We have the data to transform our NHS workforce. And we have the means to use it better
It is no doubt a massive understatement to say it has certainly been a challenging few years for the people profession in the NHS. Brexit and the COVID-19 pandemic have shone a light on the workforce crisis in the health and care sector. Details on the number of vacancies in the sector seem to be reported on an almost weekly basis by think tanks, in research reports and in regular news bulletins. However, this data is often historic, is not segmented enough and doesn’t help with the day-to-day planning of health and social care delivery. In truth, we risk these updates becoming background noise. This broad data doesn’t always support effective decision-making, and many of the solutions to the crisis are not in the gift of local organisations and systems. Pay, graduate pipelines and terms and conditions of employment are determined nationally, meaning some of the geographical workforce nuances can be overlooked.
Although I was aware of the operational and service delivery data available at Trust level, I have been surprised and encouraged by how easy it has been to share that operational data at system and at regional level. For example, those coordinating the response to recent industrial action have had instant to access to, amongst other things; the number of ambulances waiting outside hospitals – updated in near real time, the average ambulance turnaround time by hospital, the percentage bed occupancy, the number of discharges that day, and the number pending, the number of calls and their categories waiting on the stack at system level. This data, shared so openly, has been a real aid to decision-making and planning. It has allowed for early interventions and where necessary, appropriate escalation.
The other aspect of planning at this time that requires some improvement is that when operational capacity is reached at individual Trust level, organisations continue to resort to moving patients around the system, rather than moving staff to patients. It seems counter-intuitive that in response to pressures on local resources, we seek to divert patients to other A and E departments, that patients get moved to beds in other facilities and that we transfer patients by ambulance from one Intensive Care Unit to another, often many miles away. Surely, it has to be safer for patients and easier for managers to safely move staff to patients (and increase capacity), rather than to move patients to where the staff are? Some of this response is about the model of employment we have where the majority of staff are contracted to individual organisations rather than within a wider system. My previous blog talked about placing more value on the contingent workforce to ensure better patient care. We need to together have a fundamental rethink about how staff can be safely and flexibly employed, contacted and deployed across systems.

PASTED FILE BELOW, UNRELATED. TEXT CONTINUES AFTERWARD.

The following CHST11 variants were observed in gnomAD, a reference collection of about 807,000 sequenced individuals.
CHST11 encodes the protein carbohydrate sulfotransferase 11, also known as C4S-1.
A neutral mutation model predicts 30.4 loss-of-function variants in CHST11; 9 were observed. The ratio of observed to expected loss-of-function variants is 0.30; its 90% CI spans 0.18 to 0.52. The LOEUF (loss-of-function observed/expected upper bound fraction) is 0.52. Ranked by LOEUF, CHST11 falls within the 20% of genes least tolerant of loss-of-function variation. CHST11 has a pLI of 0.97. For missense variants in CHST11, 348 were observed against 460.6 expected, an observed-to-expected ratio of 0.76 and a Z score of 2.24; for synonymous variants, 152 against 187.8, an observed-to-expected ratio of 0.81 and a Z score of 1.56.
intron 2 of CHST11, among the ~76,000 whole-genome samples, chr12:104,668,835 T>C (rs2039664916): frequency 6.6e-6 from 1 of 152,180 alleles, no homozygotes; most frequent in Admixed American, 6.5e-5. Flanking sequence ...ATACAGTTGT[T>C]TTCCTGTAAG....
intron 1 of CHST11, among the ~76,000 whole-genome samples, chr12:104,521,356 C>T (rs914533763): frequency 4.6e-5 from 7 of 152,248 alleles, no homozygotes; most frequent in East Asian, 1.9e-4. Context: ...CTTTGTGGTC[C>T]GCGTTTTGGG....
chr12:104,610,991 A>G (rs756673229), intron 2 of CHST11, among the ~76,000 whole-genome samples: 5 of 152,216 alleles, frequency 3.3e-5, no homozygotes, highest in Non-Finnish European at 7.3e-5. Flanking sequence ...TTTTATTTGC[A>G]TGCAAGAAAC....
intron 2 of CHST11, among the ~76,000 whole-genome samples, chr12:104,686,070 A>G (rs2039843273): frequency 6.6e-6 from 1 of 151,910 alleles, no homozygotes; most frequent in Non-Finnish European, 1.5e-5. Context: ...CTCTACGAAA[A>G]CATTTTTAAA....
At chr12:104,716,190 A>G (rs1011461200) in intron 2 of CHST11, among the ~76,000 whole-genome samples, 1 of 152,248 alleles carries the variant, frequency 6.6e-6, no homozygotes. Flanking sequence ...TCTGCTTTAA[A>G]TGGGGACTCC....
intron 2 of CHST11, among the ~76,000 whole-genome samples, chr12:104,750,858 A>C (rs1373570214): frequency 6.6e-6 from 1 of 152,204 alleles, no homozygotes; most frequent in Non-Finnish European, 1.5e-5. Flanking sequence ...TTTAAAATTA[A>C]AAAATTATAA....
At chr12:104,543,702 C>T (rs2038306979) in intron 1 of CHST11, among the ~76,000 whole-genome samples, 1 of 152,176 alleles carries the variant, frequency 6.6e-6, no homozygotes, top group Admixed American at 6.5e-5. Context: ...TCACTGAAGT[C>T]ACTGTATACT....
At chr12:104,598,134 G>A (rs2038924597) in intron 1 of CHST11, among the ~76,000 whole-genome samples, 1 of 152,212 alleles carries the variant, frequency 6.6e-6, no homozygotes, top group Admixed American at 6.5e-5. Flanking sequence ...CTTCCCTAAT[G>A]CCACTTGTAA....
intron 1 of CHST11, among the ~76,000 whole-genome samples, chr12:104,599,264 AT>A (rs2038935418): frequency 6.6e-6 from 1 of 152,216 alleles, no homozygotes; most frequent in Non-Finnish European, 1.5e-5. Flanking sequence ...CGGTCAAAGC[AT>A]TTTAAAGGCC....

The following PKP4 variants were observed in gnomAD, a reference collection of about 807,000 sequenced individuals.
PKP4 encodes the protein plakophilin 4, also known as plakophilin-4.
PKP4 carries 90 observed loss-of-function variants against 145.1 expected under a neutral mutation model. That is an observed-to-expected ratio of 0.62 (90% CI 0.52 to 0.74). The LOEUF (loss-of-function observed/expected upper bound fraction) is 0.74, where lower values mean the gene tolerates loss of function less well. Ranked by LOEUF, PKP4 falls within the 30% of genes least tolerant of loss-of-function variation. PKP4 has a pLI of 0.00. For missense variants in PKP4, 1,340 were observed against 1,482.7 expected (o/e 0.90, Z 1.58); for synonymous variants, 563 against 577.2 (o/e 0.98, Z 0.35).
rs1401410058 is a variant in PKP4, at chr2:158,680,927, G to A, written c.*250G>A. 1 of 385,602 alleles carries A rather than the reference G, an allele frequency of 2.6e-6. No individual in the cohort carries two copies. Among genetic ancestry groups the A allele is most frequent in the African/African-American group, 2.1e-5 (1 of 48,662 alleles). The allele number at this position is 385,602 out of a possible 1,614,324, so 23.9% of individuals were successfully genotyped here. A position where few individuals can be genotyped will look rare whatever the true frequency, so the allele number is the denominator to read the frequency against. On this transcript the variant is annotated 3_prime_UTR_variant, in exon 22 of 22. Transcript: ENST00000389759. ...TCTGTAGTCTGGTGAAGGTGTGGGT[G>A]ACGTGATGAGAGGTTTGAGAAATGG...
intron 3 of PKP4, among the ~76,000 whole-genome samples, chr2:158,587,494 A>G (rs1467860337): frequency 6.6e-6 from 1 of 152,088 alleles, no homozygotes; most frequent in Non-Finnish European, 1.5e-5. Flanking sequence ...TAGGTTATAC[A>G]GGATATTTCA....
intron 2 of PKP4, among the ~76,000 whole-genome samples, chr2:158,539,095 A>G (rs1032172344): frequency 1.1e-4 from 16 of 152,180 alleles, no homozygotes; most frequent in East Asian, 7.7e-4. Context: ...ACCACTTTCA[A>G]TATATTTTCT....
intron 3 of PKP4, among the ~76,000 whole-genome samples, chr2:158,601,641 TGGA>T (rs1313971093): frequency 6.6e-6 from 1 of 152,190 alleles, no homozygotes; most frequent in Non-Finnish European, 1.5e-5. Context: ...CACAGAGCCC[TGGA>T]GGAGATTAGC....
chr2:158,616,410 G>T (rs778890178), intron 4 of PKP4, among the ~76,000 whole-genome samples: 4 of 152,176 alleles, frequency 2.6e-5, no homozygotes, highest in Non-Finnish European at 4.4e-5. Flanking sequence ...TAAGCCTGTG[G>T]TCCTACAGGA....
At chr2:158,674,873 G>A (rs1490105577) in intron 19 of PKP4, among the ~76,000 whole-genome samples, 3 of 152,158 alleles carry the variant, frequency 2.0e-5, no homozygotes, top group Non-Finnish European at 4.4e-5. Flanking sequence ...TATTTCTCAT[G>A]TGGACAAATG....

How different would decision-making have been if we had access to real time workforce data at local, system and regional level in the same way we have access to operational data? How different would the conversations about local and system risks have been if we had access to real time rosters at local and at system level? Instead of reassuring conversations about coping with pressures, data on rosters in local organisations could be compared to provide assurance on actual staffing levels by shift, on visibility on whether minimum staffing levels were achieved or exceeded. Conversations that could see the prospective redeployment of staff to patients rather than patients moved to where staffing levels are perceived to be better. In other words, we can hope to start a more honest conversation using operational and workforce data to ensure meaningful, timely decisions are made to enhance patient care and experience. This approach could fundamentally change how Provider Collaboratives operate and ensure greater quality and efficiency in the long term.
This desire to use workforce data more effectively to enhance care and planning, led me to check if any systems were using real time workforce data on rosters to help with decision-making, and of course there are! A system has started sharing rostering data to show where minimum staffing levels have been met or not and where they have been exceeded, allowing decisions to be made on whether to utilise bank or agency. The same system also showcases in real time the rates being paid to agency staff, enabling organisations to maintain better grip and control over workforce spend. More details on the tools available now to organisations and systems can be found here. As is often the case in the NHS, we have pockets of great practice, and so we need to accelerate the roll out of these models and products on a wider regional scale.
This is not just about better efficiencies and greater productivity, important though they are. Transparency and sharing of data is also better for staff flexibility, allowing more clinicians to work when and where they can best contribute, ultimately demonstrating a real commitment to the value we place on the contingent workforce.
The reworking of the health and care workforce seems a daunting task, but sharing data transparently can help us better understand how we can increase employee engagement and maintain quality of care. It will still be hard, but as the playwright and poet Seamus Heaney said ‘if you have the words, there is always a chance that you’ll find the way’.
We can do this!